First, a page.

That experience is so burned into my memory that I pretty much think of it every time I dip a french fry into ketchup. And seeing how many fries I ate last week, it's like that Cambodian family was right there on vacation with me.


So, okay. These baked zucchini fries aren't truffle-laden or even potato-laden but trust me when I say: they are seriously good. I think even new-to-the-USA Cambodians would like them.


Bonus: they smell SO good while baking--Like a pizza scratch-n-sniff sticker. Another thing that would be really odd to explain to Cambodian refugees. But you guys get it. I know you do.


Baked Zucchini Fries
serves 2-3

2 medium zucchini
2 eggs
juice of half a lemon
black pepper
1/4 t kosher salt
3/4 cup panko bread crumbs (FYI: here is a great gluten-free version)
1 T flax meal (ground flax seeds)
heaping 1/3 cup grated parmesan
1 T salt-free Italian seasoning (like Trader Joe's 21 Seasoning Salute)


Preheat your oven to 425F. Line a baking sheet with foil, drizzle with olive oil and smear it around evenly. Trim the zukes, cut them into fry-size wedges and salt them generously. Set aside. In one shallow bowl, beat the eggs and add the lemon juice, a heavy dose of black pepper and 1/4 t salt. In a different shallow bowl, mix the bread crumbs, flax, parmesan and seasoning. In assembly-line fashion, dip the zucchini wedges first into the egg mixture, next into the bread crumbs, then onto the baking sheet. Bake for 15 minutes (no need to turn them) until golden brown. Taste for salt and then serve immediately with ranch dressing or warm marinara. (OR KETCHUP!:))

xoox
jolie

P.S. Shout out to the Cambodian readers of Joeycake!

Friday, June 20, 2014

chocolate coconut granola


I had a lovely, sunny hour to kill between auditions yesterday and decided to treat myself to lunch outside since it was such a glorious day. The restaurant I chose had a lively and full patio and my sandwich and I parked at the only open spot: smack next to a table of two women having the most LA of LA conversations. Look, I am an LA woman and I cop to having LA conversations about gluten and psychics, but I do it with a full-on awareness of how LA I'm being (here's hoping).

The one who held court was brunette. She was tall and willowy and wore a straw cowboy hat. A bandana was tied around her neck and she had lots of beads on her person. Her blonde companion was petite. She leaned forward on her miniature elbows and her small frame was engulfed in a billowy, puffy shirt. Between them sat a cheese plate that they picked at. Which surprised me because dairy.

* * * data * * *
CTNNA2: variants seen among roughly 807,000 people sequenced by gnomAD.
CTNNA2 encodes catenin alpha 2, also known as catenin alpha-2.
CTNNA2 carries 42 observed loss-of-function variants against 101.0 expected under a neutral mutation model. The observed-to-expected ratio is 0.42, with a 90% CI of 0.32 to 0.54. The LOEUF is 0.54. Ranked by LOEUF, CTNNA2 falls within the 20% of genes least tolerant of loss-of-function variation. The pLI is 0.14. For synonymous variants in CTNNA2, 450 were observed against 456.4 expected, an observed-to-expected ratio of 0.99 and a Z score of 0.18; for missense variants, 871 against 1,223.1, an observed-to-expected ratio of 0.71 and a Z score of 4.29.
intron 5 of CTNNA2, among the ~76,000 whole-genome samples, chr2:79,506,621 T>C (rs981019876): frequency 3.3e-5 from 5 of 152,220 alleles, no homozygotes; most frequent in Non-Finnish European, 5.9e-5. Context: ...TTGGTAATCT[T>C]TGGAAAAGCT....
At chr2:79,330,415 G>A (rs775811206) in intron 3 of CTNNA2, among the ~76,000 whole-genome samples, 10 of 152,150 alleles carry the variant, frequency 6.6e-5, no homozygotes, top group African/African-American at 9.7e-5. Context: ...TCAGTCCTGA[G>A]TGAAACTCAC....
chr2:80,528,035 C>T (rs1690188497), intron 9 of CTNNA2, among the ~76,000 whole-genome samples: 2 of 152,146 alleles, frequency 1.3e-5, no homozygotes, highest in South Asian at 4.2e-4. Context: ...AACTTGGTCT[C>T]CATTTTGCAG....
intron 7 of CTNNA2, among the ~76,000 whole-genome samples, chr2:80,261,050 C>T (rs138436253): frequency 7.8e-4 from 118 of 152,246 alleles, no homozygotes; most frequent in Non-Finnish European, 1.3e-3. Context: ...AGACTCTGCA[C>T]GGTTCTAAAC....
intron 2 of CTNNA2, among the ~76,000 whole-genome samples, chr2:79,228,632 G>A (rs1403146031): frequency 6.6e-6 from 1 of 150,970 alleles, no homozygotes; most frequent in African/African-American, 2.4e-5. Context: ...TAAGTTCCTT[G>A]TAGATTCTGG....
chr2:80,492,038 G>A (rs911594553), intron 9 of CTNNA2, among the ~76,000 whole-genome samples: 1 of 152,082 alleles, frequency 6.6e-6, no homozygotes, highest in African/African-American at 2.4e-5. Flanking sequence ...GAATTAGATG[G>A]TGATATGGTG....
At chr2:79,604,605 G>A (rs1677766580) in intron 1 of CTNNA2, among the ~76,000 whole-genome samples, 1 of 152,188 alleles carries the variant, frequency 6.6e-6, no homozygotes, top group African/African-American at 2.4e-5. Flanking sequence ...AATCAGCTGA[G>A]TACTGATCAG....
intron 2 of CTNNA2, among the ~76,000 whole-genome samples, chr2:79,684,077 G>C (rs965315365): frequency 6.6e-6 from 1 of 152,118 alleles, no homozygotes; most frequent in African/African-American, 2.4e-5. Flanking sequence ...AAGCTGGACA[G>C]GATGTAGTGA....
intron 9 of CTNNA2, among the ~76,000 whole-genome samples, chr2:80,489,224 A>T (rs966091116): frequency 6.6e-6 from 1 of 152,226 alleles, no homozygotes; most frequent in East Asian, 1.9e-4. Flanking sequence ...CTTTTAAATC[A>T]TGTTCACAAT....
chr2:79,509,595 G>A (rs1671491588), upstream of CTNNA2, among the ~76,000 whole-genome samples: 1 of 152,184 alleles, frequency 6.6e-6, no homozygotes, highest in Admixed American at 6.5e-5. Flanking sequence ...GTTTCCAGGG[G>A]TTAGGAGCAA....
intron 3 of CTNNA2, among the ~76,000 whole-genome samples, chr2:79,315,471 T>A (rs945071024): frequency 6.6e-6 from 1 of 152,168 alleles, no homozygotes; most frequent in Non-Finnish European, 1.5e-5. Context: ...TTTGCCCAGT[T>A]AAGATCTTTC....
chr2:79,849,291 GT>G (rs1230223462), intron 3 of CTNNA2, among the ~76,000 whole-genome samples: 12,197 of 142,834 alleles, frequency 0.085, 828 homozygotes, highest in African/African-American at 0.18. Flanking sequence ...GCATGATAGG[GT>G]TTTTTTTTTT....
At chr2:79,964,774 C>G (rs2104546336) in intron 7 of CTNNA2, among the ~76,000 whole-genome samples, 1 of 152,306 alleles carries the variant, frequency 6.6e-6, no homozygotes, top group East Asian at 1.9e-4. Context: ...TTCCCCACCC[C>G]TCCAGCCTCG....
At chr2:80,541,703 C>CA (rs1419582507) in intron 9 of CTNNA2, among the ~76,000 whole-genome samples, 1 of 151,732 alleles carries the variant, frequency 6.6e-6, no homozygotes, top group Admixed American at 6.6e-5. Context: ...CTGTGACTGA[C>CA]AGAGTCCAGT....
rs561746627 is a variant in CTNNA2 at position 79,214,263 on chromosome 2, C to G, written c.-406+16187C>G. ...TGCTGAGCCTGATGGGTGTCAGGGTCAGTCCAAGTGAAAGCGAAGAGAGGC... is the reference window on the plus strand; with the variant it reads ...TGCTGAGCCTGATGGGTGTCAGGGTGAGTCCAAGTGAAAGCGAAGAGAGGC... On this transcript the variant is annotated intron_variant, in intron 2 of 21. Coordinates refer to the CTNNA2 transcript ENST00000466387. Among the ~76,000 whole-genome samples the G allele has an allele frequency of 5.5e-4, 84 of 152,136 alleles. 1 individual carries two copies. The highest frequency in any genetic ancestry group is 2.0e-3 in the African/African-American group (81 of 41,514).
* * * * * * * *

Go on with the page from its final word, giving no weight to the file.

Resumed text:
"I find myself barefoot a lot in my house and around my garden," Bandana said. "I find it really helps me connect to the earth."
Puffy Shirt folded her legs underneath her on the chair. She squinted thoughtfully at her companion and gave a slow nod.
"I'm sure it's because of my heritage," said Bandana.
"What's your heritage?" asked Puffy.
"'What isn't my heritage?' is a better question."
Bandana launched into a several-minute soliloquy about the copious Indian tribes she had a percentage in. Choctaw Nation was dropped multiple times. She then moved on to pontificate about her Great Great Grandfather's connection to other native peoples. Puffy never interjected, she just let Bandana go on and on. I actually half-expected Puffy to have nodded off, but when I snuck a glance, she seemed as riveted as me. Although possibly for different reasons.

My peripheral vision was killing me so I turned my attention back to my sandwich and took a few bites. Just then, Puffy leaned down to pet her service dog, a little weasel with brown eye gunk who didn't seem to be servicing much more than the restaurant's floor. Bandana clocked this.
"You have to meet Mr. Adzuki Bean," said Bandana.
"Who's that?" Puffy asked.
I was hoping it was one of her ancestors.
"My dog," said Bandana as she swiped her phone, finding the right photo to share. 
"Aw, he is adorable."
Puffy leaned in to get a better look.
"He's just a tiny little chihuahua but he has a giant spirit," said Bandana, fingering her beads.
"I can see that." 
Huh?
"He's been here before," said Bandana, evenly.
"Oh, to [super delicious gourmet LA lunch spot]?" Puffy asked.
Bandana chucked ever so slightly.
"No. He's been on this planet before. He's an old soul."
Puffy looked genuinely interested. She stood corrected.
"His eyes are the color of topaz."
"They sure are."
Obviously, I could've sat there all day but my sandwich was gone and I had to go pretend to need psoriasis medicine at my next audition. But I will say this:

You're welcome.


How about a super-LA snack, coated in a superfood? It's like, so LA. Bonus: legend has it, granola was a staple of the Choctaw Nation.*

Chocolate Coconut Granola
yields about 7 cups

This is great on plain yogurt, ice cream, or just eaten by the fistfuls. Feel free to tinker with the amount of maple syrup if you like it more or less sweet. And you really can use any nuts you like, these are just my faves.

4 cups rolled oats
1 cup unsweetened coconut
2/3 cup sliced or chopped almonds
2/3 cup walnut pieces (these can be halved or chopped)
1 t cinnamon
1/2 t kosher salt
1/3 cup coconut oil
2/3 cup maple syrup (or honey)
1 t vanilla
1/2 cup raw cacao powder

Preheat oven to 300F. In a large bowl, stir together the oats, coconut, nuts, cinnamon and salt. Mix well and set aside. In a small saucepan over low heat, add the oil, maple syrup and vanilla. Melt together and stir well. Add the cacao and whisk until incorporated. Pour this wet mixture over the dry ingredients and stir stir stir until well mixed. Spread onto a rimmed baking sheet and bake for 60-70 minutes, stirring every 15 minutes or so, until toasty and golden. Cool on the baking sheet.

xoxo
jolie

*I lied. But here are some actual traditional Choctaw recipes  if you're feeling inspired.